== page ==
What you're actually doing there is differentiating kx to get k.

]]>But the number of terms changes with x, so the equation keeps changing, plus for negative x or fractional x's,

how many terms are there?]]>

x+x+x+.....+x (x times) is only defined for x in

So that is isn't continuous anywhere or differentiable, really...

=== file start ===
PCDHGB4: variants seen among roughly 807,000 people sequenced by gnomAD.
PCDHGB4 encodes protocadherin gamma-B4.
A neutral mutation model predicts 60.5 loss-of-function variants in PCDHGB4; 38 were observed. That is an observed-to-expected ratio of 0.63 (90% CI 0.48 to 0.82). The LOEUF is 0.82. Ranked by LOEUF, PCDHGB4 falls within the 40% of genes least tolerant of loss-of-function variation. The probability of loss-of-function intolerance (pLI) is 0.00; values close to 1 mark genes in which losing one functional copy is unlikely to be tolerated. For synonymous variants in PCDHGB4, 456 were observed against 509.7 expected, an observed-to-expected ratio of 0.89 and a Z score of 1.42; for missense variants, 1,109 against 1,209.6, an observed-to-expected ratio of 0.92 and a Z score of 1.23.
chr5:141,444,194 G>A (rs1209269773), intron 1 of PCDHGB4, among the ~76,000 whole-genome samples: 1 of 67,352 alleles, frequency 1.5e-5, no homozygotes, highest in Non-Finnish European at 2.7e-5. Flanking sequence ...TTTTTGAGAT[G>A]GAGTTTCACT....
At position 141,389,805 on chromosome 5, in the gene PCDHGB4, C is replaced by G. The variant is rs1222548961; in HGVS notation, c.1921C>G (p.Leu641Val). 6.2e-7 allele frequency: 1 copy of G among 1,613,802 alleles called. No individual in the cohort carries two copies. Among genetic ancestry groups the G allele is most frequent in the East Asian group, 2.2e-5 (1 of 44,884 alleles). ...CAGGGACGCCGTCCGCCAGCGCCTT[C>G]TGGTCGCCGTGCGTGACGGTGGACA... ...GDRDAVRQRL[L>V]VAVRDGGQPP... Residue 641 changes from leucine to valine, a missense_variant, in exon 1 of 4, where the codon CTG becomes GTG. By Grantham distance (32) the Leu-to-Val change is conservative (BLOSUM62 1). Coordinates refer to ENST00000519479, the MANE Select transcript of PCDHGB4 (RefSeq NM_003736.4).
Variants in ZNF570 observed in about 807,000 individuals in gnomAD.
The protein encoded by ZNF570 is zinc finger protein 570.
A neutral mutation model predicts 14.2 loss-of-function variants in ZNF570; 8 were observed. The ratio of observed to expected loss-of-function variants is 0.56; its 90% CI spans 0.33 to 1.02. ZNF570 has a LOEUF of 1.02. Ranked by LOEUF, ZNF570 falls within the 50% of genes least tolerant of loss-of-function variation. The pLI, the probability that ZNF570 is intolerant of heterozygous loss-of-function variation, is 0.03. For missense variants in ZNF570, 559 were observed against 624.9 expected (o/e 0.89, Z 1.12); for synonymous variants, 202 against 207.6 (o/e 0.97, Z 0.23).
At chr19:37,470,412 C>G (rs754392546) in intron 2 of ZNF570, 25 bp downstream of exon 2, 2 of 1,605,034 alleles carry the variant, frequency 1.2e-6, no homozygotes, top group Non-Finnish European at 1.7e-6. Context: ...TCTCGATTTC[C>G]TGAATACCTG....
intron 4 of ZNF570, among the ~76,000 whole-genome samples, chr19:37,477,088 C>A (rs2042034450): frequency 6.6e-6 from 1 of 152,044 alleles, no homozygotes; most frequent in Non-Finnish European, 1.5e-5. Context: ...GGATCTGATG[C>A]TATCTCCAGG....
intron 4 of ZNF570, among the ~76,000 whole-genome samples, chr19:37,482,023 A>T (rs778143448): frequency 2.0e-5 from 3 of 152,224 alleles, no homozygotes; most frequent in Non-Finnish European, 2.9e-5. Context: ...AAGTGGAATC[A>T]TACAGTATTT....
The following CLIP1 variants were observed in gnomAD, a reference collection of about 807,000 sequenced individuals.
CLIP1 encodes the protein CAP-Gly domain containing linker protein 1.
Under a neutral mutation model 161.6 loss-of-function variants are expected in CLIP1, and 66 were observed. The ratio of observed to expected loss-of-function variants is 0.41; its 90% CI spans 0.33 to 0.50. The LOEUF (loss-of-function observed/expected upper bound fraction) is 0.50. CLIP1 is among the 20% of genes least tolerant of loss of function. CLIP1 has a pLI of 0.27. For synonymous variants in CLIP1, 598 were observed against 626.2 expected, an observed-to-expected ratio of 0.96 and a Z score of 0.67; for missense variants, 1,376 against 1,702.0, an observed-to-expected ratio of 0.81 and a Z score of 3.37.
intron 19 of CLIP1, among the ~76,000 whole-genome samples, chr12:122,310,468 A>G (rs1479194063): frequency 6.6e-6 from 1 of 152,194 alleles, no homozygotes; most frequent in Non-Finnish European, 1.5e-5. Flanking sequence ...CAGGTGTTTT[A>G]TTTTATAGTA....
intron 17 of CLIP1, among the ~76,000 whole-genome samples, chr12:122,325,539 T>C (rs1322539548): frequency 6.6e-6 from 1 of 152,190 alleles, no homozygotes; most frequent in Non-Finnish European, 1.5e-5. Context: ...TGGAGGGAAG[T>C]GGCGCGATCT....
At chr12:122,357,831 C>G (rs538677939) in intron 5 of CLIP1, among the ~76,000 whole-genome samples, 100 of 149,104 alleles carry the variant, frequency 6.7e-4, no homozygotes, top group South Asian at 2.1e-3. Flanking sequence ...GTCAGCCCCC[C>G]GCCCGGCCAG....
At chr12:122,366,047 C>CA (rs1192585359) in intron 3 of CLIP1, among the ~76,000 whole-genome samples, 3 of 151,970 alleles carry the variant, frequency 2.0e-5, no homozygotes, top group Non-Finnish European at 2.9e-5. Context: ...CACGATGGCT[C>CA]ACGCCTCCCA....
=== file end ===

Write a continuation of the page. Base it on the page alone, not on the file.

]]>The derivative of x², with respect to x, is 2x. However, suppose we write x² as the sum of x x's, and then take the derivative:

Let f(x) = x + x + ... + x (x times)

Then f'(x) = d/dx[x + x + ... + x] (x times)

= d/dx[x] + d/dx[x] + ... + d/dx[x] (x times)

= 1 + 1 + ... + 1 (x times)

= x

This argument appears to show that the derivative of x², with respect to x, is actually x. Where is the fallacy?

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